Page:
But they have the power to change it.
“Mommy, why does God let some people be poor?”
That was the question my then-5-year-old daughter asked me as I stood over the stove, stirring freshly prepared spaghetti sauce. Just your regular, easy-to-answer conversation. Or not.
I have to admit I didn’t handle the situation very well. I think I mumbled something about how people could be poor in finances but rich in spirit—because my 5-year-old would totally understand that, right? Then I quickly changed the subject to something more pleasant and less… complicated.
Isn’t that what we naturally want to do for our children: To shield them from what’s broken in this world because it’s really just a matter of time before they become disillusioned by the true state of things? We encase them in emotional bubble wrap and hide their curious eyes from the atrocities that occur around us.
And, yes, some of that protection is wise. Necessary, even.
But sometimes, maybe oftentimes, we should let them see the realities of life on this dysfunctional planet. After all, it’s only when someone is exposed to the truth that she can do something about it.
I realized as I mulled over my conversation with my daughter that, as much as I want to guard her innocence, I want even more for her to become a woman who takes action on behalf of those who can’t advocate for themselves.
So I revisited my initial conversation with my daughter. Several times over, in fact. We talked about poverty and injustice and suffering and slavery. We talked about hurricanes and droughts and wildfires and earthquakes. We talked about how things in this world are not as they should be, and how we are oftentimes the answers to our own prayers.
We asked God to care for those fleeing their homelands, those running for their lives, leaving everything they have behind. But, perhaps, the question should be: How can I adopt a family that’s been resettled in my area to help them get everything they need?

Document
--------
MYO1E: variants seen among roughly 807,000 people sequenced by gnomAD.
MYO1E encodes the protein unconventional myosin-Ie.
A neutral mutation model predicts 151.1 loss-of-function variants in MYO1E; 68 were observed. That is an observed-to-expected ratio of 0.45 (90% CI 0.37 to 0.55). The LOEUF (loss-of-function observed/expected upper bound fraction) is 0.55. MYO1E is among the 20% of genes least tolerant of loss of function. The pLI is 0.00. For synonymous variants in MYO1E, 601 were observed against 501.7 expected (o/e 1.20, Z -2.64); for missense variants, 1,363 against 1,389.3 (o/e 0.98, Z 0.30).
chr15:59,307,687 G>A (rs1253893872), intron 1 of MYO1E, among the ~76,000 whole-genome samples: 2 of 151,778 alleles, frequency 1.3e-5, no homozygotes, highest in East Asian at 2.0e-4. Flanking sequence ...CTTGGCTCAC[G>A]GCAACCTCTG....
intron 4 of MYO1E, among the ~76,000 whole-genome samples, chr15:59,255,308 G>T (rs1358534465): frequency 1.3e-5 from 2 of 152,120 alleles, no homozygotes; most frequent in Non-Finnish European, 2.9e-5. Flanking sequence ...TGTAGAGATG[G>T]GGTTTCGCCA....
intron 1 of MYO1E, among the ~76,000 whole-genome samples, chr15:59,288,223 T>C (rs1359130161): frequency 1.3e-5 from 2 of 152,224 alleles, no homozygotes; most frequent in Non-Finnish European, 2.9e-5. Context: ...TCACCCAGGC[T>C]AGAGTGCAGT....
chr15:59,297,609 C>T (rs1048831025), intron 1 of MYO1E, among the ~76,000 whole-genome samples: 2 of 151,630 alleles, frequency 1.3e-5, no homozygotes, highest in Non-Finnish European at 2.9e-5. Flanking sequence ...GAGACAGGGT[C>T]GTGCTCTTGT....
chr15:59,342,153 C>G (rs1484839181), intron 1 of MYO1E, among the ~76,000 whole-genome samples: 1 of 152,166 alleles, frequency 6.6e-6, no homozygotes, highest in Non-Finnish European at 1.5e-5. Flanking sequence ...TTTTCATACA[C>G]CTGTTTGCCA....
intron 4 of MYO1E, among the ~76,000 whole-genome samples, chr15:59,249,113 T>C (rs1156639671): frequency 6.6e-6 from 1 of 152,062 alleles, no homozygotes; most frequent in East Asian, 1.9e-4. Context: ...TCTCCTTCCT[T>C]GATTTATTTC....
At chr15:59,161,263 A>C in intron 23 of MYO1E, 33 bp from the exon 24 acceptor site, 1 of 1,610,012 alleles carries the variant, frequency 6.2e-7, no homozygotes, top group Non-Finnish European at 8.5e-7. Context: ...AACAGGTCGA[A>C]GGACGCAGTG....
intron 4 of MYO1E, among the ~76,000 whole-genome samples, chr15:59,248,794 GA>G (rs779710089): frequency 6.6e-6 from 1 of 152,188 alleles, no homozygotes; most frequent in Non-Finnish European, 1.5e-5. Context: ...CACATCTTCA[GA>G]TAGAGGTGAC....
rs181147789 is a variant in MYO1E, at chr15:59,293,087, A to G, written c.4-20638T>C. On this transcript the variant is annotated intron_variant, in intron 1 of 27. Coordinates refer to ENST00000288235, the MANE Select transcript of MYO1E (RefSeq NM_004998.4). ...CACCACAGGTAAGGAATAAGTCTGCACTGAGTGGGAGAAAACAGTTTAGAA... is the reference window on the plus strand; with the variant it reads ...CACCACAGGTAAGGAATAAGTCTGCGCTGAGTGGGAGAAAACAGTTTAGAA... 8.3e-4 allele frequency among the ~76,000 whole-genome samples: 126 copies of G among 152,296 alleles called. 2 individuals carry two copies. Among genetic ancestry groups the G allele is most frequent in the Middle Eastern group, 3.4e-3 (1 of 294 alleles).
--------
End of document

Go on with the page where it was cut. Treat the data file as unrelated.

We asked God to help the millions who have to rebuild the homes and lives after devastating storms. But, perhaps, the questions should be: How can I pack my bags and go help them?
We asked God to provide clean drinking water for the multitudes who don’t have access to it today. But, perhaps, the question should be: How can I raise funds to provide clean water for those people?
When we move beyond the simple mindset of caring ABOUT others and adopt a lifestyle of caring FOR others, we become empathizers. When we expose our children to the needs in this world and teach them that they can make a difference in the lives of hurting people, we begin raising empathizers.
Imagine if we each let our kids in on the secret that this world is messy and that life’s not fair.
What if we show them suffering and injustice, but we don’t stop there—because we don’t want to raise a bunch of voyeuristic consumers of tragedy.
What if we expose them to reality and then give them the tools they need to take action and make a difference in the lives of hurting people?
What if we raise up a generation of empathizers?
My family took action as a result of my initial conversation with my daughter. We got creative, worked hard and we raised $15,000 throughout nine months to build a playground for children in an incredibly impoverished village in Romania.
My daughter spearheaded this effort. And, once the funds were raised, we took her overseas to witness her playground become a reality. She watched as children who’ve never had a toy to their names screamed in delight as they experienced a teeter-totter for the very first time. She watched babies swing, eyes wide in wonder. She watched mothers cry tears of joy as they watched their children, the world’s forgotten ones, play without reservation.
She’ll never be the same.
Children do have the capacity to put compassion into action, but they can’t repair what they don’t know to be broken. Let’s show them the brokenness, then watch them pick up the pieces, one by one. It will be remarkable to see.